It's been awhile, but I'm back, and destashing! My for-sale-or-trade items are all up on Ravelry in my stash (you'll need a Ravelry account to view them). In fact, my WHOLE stash (excepting partial skeins) is up on Ravelry (I'm feeling very organized). Most of the listed prices are my best guess at 60-70% of current retail, and I might be willing to negotiate or offer volume discounts if you want multiple things. There's some really yummy stuff in there.

I've also got LOTS of lovely patterns in development, all planned for release monthly (or so) over the next year. The first is already on Ravelry and I'll post the details here this weekend.

A return, and some changes

After a great deal of hemming and hawing, I've decided to bring my design efforts back under the Clever Knits brand. And there is some news and activity!

October 13-14, I will be at the Vista Fiber Arts Fiesta in the Oink Pigments booth, selling my needle cases. Those of you who frequented the shop might remember them, but if not, there's a link at the top of this page to 'products'. They're really quite remarkable, and a lot of thought and effort went into the design of these cases, and personally, I think they're perfect. I have seen dozens if not HUNDREDS of different needle cases offered by some of the best companies out there, but none of them quite met my needs, so after many prototypes I came up with these. I'm currently working on prototypes for a case for your hooks or DPNs, and another for your interchangeable needles, which will be equally fantastic.

Soon there will be an online shop, where you can actually BUY them. Right now there is no shop because I am the BEST. PROCRASTINATOR. EVER.Which means there aren't actually any needle cases. Needless to say, I'll be doing a lot of sewing this weekend, since the Fiber Fiesta is already NEXT WEEKEND. That's very soon.

I've also got several new patterns in the works, hopefully to be released in the next few months, but that will depend upon a lot of things, since my schedule is The Most Hectic. Even my knitting schedule is full, since I have a baby blanket to make for a wee one who is scheduled to arrive in early November (that'll be one of the patterns, with modifications for a grownup-sized throw as well, and I'm ridiculously excited about it). Of course, whenever I have something that must be knit on a deadline, I get the WORST start-itis and I must cast on three new things...

Those of you who are local to the San Diego area, hopefully I shall see you at the Fiber Fiesta! It's completely free to attend, and there will be a whole host of exciting fiber-related things, including live alpacas and antique spinning wheels (it's being held at the Antique Gas & Steam Engine Museum, which has some really remarkable stuff and a big focus on fiber arts history and practice). I'm wildly excited. You should be, too.


It's a little destash, and it's mostly single skeins, but I have a few things that I need to clear out of my stash. Each item is an additional $3 if you need me to ship it to the continental US. I accept paypal, or cash in-person.

These yarns have lived in my smoke-free apartment, stored in ziplock bags. I have one cat who shares my apartment with me, and it's possible stray fur or dander attached itself to the yarn when I first brought it home, but they should be relatively safe.

Two skeins Schopel Wolle Ambiente in colour 1860, 155 meters (169 yds) per 50g skein. 100% superwash merino with a tight twist, this is a yummy self-striping sportweight yarn, great for socks or other accessories. Retails for $10 per skein; I'd like $14 for the pair.


A skein of Kraemer Yarns Eileen, hand-dyed by yours truly. They call this a DK, but it's more like a sport/sock weight at 400yds/100g. 100% merino. Free to good home (shipping charge still applies).


One skein Twisted Sisters Zazu in Hand Paint #73, 390yds/50g, 100% merino. This is a marvelously lofty lace weight. We called this colour "bruised rainbow" - it knits into a delicious fabric which you can see in my friend Kirsten's Citron (ravelry link). Retails for $16; I'd like $11 for it.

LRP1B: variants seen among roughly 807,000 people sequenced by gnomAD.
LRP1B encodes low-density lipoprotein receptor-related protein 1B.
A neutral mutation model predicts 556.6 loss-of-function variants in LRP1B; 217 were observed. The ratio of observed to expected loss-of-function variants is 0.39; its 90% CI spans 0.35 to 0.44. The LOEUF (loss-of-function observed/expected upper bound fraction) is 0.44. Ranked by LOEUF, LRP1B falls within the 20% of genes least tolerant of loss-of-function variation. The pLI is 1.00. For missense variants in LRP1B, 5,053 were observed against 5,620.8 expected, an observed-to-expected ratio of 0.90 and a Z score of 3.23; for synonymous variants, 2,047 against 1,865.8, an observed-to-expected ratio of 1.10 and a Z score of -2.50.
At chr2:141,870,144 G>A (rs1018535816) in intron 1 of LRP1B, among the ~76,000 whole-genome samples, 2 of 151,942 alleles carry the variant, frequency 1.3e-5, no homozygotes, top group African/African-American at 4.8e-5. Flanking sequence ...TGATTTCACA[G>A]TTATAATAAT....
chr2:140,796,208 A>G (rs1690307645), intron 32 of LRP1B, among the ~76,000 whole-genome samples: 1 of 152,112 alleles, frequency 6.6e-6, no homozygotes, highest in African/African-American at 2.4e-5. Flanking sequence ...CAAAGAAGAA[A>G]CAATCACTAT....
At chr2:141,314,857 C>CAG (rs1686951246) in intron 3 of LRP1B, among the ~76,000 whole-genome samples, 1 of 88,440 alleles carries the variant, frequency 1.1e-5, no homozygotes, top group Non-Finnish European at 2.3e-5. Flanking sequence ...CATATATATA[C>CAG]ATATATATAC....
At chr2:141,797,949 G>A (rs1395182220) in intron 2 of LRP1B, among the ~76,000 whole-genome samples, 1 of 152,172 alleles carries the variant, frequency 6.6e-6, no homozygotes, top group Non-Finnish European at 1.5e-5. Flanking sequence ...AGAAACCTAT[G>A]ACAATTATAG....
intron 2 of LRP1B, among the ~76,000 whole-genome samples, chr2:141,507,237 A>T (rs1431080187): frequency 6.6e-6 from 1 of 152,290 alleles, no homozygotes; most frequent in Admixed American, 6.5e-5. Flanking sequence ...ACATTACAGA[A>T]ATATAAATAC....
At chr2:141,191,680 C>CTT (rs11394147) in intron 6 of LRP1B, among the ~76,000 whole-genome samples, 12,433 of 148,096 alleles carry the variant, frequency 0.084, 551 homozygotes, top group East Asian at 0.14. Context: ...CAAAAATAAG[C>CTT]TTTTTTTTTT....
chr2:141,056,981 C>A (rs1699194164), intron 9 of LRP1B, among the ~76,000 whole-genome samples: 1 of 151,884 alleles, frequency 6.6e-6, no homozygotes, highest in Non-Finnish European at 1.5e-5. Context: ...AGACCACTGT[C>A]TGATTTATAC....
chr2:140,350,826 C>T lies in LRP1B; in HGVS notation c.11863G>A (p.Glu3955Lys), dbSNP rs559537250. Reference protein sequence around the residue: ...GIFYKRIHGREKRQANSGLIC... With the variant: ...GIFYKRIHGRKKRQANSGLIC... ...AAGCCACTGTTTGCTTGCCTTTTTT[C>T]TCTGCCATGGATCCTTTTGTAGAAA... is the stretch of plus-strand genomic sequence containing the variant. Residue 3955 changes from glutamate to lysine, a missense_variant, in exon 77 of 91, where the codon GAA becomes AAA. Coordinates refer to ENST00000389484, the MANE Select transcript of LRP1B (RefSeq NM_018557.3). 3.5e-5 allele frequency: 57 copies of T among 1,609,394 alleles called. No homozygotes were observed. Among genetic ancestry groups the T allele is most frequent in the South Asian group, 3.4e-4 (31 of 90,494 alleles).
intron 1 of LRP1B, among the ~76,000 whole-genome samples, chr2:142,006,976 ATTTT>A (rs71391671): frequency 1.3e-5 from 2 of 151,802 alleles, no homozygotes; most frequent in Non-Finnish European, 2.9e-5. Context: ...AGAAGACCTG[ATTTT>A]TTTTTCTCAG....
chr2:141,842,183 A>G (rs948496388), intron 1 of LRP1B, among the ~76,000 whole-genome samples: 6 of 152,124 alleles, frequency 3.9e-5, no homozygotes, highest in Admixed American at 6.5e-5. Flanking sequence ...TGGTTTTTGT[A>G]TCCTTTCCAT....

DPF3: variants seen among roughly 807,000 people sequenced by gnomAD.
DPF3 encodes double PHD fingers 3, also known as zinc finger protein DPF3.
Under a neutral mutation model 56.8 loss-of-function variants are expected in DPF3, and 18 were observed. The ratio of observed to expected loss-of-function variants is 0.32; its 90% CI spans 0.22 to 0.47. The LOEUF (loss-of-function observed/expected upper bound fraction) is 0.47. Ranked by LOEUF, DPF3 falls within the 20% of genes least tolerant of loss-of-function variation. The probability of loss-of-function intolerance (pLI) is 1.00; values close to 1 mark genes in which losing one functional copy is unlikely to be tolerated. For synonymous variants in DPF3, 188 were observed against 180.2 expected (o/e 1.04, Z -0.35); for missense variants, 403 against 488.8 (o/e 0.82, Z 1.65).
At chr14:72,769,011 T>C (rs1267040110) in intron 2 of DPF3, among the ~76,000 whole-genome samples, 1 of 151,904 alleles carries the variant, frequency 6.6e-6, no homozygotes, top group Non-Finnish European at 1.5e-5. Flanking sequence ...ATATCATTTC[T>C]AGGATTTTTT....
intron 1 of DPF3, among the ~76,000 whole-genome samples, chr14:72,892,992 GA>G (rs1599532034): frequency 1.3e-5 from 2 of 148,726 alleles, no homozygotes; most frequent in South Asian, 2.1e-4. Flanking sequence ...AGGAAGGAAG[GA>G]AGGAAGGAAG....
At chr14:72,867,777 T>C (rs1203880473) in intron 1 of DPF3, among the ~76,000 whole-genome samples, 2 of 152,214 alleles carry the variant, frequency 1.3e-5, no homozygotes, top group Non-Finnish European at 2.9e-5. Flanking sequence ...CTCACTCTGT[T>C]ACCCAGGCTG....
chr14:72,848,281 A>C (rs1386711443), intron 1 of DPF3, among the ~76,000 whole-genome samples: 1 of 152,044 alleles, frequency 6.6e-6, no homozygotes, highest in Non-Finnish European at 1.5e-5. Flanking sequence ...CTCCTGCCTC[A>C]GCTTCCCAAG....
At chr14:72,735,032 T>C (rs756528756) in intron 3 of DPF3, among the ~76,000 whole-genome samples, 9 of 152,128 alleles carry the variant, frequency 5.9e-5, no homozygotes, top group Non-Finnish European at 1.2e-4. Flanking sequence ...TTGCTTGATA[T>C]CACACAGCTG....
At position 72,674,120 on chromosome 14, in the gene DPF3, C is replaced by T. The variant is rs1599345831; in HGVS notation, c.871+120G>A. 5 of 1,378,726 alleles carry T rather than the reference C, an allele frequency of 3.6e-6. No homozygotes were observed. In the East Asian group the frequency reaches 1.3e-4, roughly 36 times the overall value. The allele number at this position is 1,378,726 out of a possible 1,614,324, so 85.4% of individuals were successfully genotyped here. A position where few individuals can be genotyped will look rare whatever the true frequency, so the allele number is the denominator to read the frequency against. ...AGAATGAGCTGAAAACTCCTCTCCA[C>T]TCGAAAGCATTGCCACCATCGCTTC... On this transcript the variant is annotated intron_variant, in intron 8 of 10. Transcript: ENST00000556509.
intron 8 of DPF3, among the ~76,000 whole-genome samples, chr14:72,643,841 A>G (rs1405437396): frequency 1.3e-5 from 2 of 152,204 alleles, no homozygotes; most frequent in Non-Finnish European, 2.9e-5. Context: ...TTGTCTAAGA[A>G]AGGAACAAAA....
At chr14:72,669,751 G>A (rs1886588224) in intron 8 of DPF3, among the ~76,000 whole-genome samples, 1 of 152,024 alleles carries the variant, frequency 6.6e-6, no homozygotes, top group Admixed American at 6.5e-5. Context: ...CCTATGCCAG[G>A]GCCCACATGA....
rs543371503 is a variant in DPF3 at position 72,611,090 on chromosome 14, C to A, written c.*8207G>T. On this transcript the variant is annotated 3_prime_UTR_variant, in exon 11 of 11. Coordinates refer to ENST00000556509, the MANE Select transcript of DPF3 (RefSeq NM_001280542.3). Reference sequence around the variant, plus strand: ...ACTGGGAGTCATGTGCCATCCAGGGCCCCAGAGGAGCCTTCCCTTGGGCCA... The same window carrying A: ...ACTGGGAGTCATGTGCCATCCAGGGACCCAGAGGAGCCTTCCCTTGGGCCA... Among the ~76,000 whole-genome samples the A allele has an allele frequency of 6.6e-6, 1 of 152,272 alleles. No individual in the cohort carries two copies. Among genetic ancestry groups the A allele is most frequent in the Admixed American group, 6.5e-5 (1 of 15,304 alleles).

One skein Anzula Yarns Wash My Lace in colour Shitake, 990yds/110g, 100% superwash merino. I've never actually worked with this yarn, so I can't say anything about it except that it's quite soft and sproingy and yummy feeling in the skein. Retails for $26 per skein; I'd like $18 for it.


One skein Punta Lace Hand Paint in colour HP72, 459yds/50g, 100% merino. This is an awesome lace with lots of plies so it's quite sturdy. As you can see, it's got a few cat hairs attached to it, so this one must have spent some time outside of its ziplock. Retails for $11 per skein; I'd like $7 for it.


SOLD - One skein of Kraemer Yarns Judy, also hand-dyed by yours truly. They call this a worsted, but it's more like a DK at 270yds/100g. 100% merino. Free to good home (shipping charge still applies).

Upcoming Pattern Releases, part 2

Did you guess that there was more coming? You were right! This one likely won't be out for a few months, since it's still in the swatching and testing stage (and it doesn't even have a name yet!), but I'd just like to say that I'm ridiculously excited about it.

Upcoming Pattern Releases, part 1

Do you remember Crichton?

I'm sure you've completely forgotten about it (I nearly have). It was supposed to have been released last spring, but was delayed to summer because I was busy closing the shop. And then I just got busy, so the pattern languished in its near-completed state for MONTHS on end. It had been written up, test knit, and was all ready to just needed pictures!

Next week my favourite model is coming ALL THE WAY FROM NEW YORK so that I can get pictures of this amazing sweater. Which means that Crichton will be here in just a few weeks!

You can sign up here to be notified when the pattern is available for purchase - and you’ll get a coupon code for $2 off when the pattern is released!

FO: Wizards in Windsor

Pattern: Windsor Cardi by Amy Christoffers
Yarn: Louet MerLin Sport Weight
Ravelry project page

Notes & Mods:
I accidentally used 4’s for the ribbing instead of 5’s, but i’m quite pleased with it this way. I think 5’s might have been too loose. And this yarn? AWFUL! There were easily a dozen breaks in that last skein! So many breaks! So many ends to weave in!

I made the sleeves bracelet length instead of full length. Actually I planned to make then 3/4 length, but it's lucky that I did that because after blocking they were many inches longer - I can't imagine if I'd made them full length! It'd have been absurd! Luckily I love bracelet length.!